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San Jose Cop Arrested For Masturbating In Front Of Suspect’s Family During Disturbance Call

San Jose, CA – A San Jose police officer was arrested for indecent exposure on Thursday for allegedly masturbating at the scene of a disturbance call in April, according to police.

The Santa Clara County District Attorney’s Office confirmed that 32-year-old San Jose Police Officer Matthew Dominguez was arrested on May 12, KTVU reported.

The alleged incident occurred on April 21 after the four-year department veteran and two other officers responded to a report of a disturbance at a family’s home.

The caller said a mentally-ill family member was being violent and requested police assistance, the district’ attorney’s office said in a statement.

When police arrived at the scene, Officer Dominguez instructed his two fellow officers to go find the suspect while he remained at the house with two of the female family members, according to prosecutors.

The victims said Officer Dominguez then began touching himself and ultimately exposed himself to one of the females, according to the district attorney’s statement.

The two females fled the room and told two nearby male relatives about what allegedly occurred.

Prosecutors said one of the male relatives confirmed he also saw Officer Dominguez exposing himself in the dining room area of the house.

“The charged behavior is beyond disturbing,” Santa Clara County District Attorney Jeff Rosen said. “Law enforcement officers respond to our homes to help crime victims, not terrorize, traumatize, and create new victims.”

Police said the investigation into the incident remains ongoing, KTVU reported.

Officer Dominguez was placed on administrative leave and has been charged with misdemeanor indecent exposure.

He faces up to one year in jail if convicted and could also be ordered to register as a sexual offender for up to 10 years, according to the district attorney’s office.

Officer Dominguez’s arraignment is scheduled for June 22.

San Jose Police Chief Anthony Mata released video footage showing him personally escorting Officer Dominguez out of the police department on Thursday.

“Last week I said that when an officer violated the public’s trust or engages in criminal conduct I would personally walk that Officer out the door,” Chief Mata told the New York Post. “Today I did it.”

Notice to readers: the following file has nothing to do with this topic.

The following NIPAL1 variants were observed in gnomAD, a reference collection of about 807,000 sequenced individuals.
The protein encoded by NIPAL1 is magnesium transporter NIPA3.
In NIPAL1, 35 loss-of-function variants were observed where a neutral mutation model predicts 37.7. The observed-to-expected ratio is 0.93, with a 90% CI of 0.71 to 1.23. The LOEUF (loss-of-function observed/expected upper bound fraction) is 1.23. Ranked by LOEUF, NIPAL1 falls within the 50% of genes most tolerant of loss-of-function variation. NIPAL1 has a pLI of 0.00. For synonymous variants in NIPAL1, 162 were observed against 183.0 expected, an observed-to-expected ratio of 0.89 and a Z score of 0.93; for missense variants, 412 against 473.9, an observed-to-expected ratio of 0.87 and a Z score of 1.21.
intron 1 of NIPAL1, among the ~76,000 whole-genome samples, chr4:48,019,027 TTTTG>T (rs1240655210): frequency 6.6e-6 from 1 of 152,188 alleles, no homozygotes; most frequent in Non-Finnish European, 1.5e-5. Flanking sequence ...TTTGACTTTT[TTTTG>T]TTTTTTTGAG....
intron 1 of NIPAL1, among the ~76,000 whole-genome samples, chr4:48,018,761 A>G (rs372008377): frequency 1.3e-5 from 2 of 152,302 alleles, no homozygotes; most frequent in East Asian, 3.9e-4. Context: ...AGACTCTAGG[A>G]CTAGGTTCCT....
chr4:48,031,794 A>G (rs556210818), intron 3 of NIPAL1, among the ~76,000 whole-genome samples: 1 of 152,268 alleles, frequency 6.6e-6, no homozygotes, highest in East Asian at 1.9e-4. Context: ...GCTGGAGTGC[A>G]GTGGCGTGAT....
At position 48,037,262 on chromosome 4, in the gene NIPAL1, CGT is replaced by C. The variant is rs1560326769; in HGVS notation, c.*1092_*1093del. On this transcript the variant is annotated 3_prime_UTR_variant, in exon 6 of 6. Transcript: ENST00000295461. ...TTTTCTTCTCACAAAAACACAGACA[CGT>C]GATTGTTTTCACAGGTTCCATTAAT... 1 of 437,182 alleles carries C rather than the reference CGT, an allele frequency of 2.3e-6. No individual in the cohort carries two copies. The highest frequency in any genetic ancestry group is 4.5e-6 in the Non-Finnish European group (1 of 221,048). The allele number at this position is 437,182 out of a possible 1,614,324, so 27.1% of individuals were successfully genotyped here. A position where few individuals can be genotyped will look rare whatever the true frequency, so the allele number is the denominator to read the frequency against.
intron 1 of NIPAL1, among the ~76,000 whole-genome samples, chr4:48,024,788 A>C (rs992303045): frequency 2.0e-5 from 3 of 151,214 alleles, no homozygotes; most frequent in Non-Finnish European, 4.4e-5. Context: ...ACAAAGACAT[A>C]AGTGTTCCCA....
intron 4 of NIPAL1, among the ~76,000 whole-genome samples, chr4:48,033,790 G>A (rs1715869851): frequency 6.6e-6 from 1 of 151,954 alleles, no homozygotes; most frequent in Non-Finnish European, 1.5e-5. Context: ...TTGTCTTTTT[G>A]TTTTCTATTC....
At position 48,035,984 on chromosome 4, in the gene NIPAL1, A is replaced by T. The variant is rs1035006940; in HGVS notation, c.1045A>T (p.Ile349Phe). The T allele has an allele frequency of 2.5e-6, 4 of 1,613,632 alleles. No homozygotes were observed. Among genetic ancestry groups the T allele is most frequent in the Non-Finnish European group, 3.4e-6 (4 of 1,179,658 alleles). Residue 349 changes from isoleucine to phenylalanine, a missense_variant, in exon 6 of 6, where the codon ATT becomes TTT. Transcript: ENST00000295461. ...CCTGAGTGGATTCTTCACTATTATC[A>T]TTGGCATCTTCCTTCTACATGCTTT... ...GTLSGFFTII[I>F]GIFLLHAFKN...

The chief said he is pushing to alter the San Jose Police Department’s (SJPD) disciplinary process in a way that will allow him to “speak openly with the public” about potential police misconduct, according to the New York Post.

“Let me start by sharing my commitment to transparency,” Chief Mata told the news outlet in a prior statement. “The days of saying this is a ‘personnel matter’ are over in the San Jose Police Department. My administration and I will share what we can when it comes to investigations. Although the amount of information we can provide may be limited, we will provide it.”

The SJPD has been steeped in controversy for the past several weeks due to multiple incidents of alleged officer misconduct.

Just days before Officer Dominguez’s arrest, another officer was placed on leave for allegedly responding to a kidnapping call while intoxicated, KNTV reported.

Sources with knowledge about the incident said the officer’s blood-alcohol content at the time was 0.139, which is nearly twice the legal limit.

The Santa Clara County Medical Examiner’s Office announced last week that 24-year-old SJPD Rookie Officer De’Jon Packer’s unexpected death was caused by a fentanyl overdose, KNTV reported.

Sources with knowledge about the young officer’s death claimed he was at a party with other law enforcement officers the night before he was found dead inside his Milpitas home, according to the news outlet.

SJPD Police Officers Association (POA) President Sean Pritchard said these incidents have caused him to wonder about the agency’s current recruitment standards for new officers, KNTV reported.

“If these allegations are proven to be true, then this person has no place in law enforcement,” Pritchard told KNTV. “Having these different incidents has really led us to a place where we want to take a much harder look at our hiring process, our backgrounding process and really see if there’s something that’s being missed.”

“We want to ensure that the public does trust us and really understands again that this is not who we are,” the union president added.

San Jose Mayor Sam Liccardo agreed that changes to hiring practices need to be made.

“In the days ahead, I look forward to the specific, actionable steps the department will take to improve screening and backgrounding new applicants to the police academy,” Liccardo said during a press conference. “We have a serious problem in SJPD that requires remedial action immediately.”

The mayor noted that these alleged incidents do not reflect the nature of the SJPD’s officers as a whole.

“These officers do not represent the very high moral and professional standards upheld by 99 percent of our hardworking San Jose police officers,” Liccardo said.

Written by
Holly Matkin

Holly is a former probation and parole officer who is married to a sheriff’s deputy. She is a regular contributor to Signature Montana magazine, and has written feature articles for Distinctly Montana magazine.

View all articles
Written by Holly Matkin

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